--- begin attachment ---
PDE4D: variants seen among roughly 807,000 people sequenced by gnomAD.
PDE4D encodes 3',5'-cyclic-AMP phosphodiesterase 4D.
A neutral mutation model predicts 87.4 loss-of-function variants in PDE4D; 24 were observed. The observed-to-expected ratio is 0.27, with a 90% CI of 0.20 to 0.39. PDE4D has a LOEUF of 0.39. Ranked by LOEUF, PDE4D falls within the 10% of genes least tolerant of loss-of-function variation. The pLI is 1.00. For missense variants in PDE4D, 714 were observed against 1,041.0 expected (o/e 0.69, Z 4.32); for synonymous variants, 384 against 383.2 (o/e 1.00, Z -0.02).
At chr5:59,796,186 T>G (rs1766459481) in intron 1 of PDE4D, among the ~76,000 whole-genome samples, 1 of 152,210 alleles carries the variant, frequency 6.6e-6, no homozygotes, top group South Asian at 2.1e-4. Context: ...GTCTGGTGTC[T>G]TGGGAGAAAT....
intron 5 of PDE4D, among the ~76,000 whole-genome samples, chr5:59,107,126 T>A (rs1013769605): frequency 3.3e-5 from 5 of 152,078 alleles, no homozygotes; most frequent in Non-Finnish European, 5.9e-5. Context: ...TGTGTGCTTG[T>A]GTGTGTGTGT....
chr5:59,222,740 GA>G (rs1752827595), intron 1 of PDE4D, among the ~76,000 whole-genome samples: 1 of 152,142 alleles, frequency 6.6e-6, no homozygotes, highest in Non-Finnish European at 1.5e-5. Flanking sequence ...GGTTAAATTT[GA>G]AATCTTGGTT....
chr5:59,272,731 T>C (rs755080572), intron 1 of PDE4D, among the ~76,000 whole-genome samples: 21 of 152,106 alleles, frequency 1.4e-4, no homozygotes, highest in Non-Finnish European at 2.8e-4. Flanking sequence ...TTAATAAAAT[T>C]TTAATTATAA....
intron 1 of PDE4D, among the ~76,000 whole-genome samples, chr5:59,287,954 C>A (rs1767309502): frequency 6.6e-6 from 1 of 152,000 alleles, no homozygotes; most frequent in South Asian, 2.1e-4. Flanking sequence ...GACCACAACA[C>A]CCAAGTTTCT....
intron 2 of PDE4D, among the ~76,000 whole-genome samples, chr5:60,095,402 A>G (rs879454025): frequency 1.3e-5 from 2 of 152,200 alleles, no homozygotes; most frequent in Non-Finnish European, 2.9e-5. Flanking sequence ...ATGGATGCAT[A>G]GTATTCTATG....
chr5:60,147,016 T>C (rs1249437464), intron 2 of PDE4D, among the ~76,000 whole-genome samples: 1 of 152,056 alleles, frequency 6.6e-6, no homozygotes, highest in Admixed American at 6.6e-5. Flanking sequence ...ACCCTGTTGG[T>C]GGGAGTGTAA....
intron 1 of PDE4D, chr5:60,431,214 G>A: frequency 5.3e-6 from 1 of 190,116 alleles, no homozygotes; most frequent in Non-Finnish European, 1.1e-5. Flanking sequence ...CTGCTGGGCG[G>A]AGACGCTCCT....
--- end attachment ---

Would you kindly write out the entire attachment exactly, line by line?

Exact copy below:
PDE4D: variants seen among roughly 807,000 people sequenced by gnomAD.
PDE4D encodes 3',5'-cyclic-AMP phosphodiesterase 4D.
A neutral mutation model predicts 87.4 loss-of-function variants in PDE4D; 24 were observed. The observed-to-expected ratio is 0.27, with a 90% CI of 0.20 to 0.39. PDE4D has a LOEUF of 0.39. Ranked by LOEUF, PDE4D falls within the 10% of genes least tolerant of loss-of-function variation. The pLI is 1.00. For missense variants in PDE4D, 714 were observed against 1,041.0 expected (o/e 0.69, Z 4.32); for synonymous variants, 384 against 383.2 (o/e 1.00, Z -0.02).
At chr5:59,796,186 T>G (rs1766459481) in intron 1 of PDE4D, among the ~76,000 whole-genome samples, 1 of 152,210 alleles carries the variant, frequency 6.6e-6, no homozygotes, top group South Asian at 2.1e-4. Context: ...GTCTGGTGTC[T>G]TGGGAGAAAT....
intron 5 of PDE4D, among the ~76,000 whole-genome samples, chr5:59,107,126 T>A (rs1013769605): frequency 3.3e-5 from 5 of 152,078 alleles, no homozygotes; most frequent in Non-Finnish European, 5.9e-5. Context: ...TGTGTGCTTG[T>A]GTGTGTGTGT....
chr5:59,222,740 GA>G (rs1752827595), intron 1 of PDE4D, among the ~76,000 whole-genome samples: 1 of 152,142 alleles, frequency 6.6e-6, no homozygotes, highest in Non-Finnish European at 1.5e-5. Flanking sequence ...GGTTAAATTT[GA>G]AATCTTGGTT....
chr5:59,272,731 T>C (rs755080572), intron 1 of PDE4D, among the ~76,000 whole-genome samples: 21 of 152,106 alleles, frequency 1.4e-4, no homozygotes, highest in Non-Finnish European at 2.8e-4. Flanking sequence ...TTAATAAAAT[T>C]TTAATTATAA....
intron 1 of PDE4D, among the ~76,000 whole-genome samples, chr5:59,287,954 C>A (rs1767309502): frequency 6.6e-6 from 1 of 152,000 alleles, no homozygotes; most frequent in South Asian, 2.1e-4. Flanking sequence ...GACCACAACA[C>A]CCAAGTTTCT....
intron 2 of PDE4D, among the ~76,000 whole-genome samples, chr5:60,095,402 A>G (rs879454025): frequency 1.3e-5 from 2 of 152,200 alleles, no homozygotes; most frequent in Non-Finnish European, 2.9e-5. Flanking sequence ...ATGGATGCAT[A>G]GTATTCTATG....
chr5:60,147,016 T>C (rs1249437464), intron 2 of PDE4D, among the ~76,000 whole-genome samples: 1 of 152,056 alleles, frequency 6.6e-6, no homozygotes, highest in Admixed American at 6.6e-5. Flanking sequence ...ACCCTGTTGG[T>C]GGGAGTGTAA....
intron 1 of PDE4D, chr5:60,431,214 G>A: frequency 5.3e-6 from 1 of 190,116 alleles, no homozygotes; most frequent in Non-Finnish European, 1.1e-5. Flanking sequence ...CTGCTGGGCG[G>A]AGACGCTCCT....